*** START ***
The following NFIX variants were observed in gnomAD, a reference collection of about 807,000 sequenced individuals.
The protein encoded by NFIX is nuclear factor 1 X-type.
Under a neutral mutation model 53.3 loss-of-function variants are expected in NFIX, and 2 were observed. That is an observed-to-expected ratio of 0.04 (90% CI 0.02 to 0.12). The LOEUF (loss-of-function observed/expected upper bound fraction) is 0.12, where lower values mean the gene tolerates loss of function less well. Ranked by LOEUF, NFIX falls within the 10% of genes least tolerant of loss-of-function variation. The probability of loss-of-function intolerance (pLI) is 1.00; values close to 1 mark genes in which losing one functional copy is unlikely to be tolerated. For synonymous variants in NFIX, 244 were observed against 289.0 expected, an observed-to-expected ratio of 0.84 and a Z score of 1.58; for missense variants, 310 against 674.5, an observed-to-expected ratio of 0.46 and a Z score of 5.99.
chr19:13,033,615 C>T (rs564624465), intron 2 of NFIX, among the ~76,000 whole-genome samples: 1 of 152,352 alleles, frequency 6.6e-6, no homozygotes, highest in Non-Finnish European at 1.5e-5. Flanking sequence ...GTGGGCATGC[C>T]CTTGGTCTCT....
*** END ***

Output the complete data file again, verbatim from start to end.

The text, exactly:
The following NFIX variants were observed in gnomAD, a reference collection of about 807,000 sequenced individuals.
The protein encoded by NFIX is nuclear factor 1 X-type.
Under a neutral mutation model 53.3 loss-of-function variants are expected in NFIX, and 2 were observed. That is an observed-to-expected ratio of 0.04 (90% CI 0.02 to 0.12). The LOEUF (loss-of-function observed/expected upper bound fraction) is 0.12, where lower values mean the gene tolerates loss of function less well. Ranked by LOEUF, NFIX falls within the 10% of genes least tolerant of loss-of-function variation. The probability of loss-of-function intolerance (pLI) is 1.00; values close to 1 mark genes in which losing one functional copy is unlikely to be tolerated. For synonymous variants in NFIX, 244 were observed against 289.0 expected, an observed-to-expected ratio of 0.84 and a Z score of 1.58; for missense variants, 310 against 674.5, an observed-to-expected ratio of 0.46 and a Z score of 5.99.
chr19:13,033,615 C>T (rs564624465), intron 2 of NFIX, among the ~76,000 whole-genome samples: 1 of 152,352 alleles, frequency 6.6e-6, no homozygotes, highest in Non-Finnish European at 1.5e-5. Flanking sequence ...GTGGGCATGC[C>T]CTTGGTCTCT....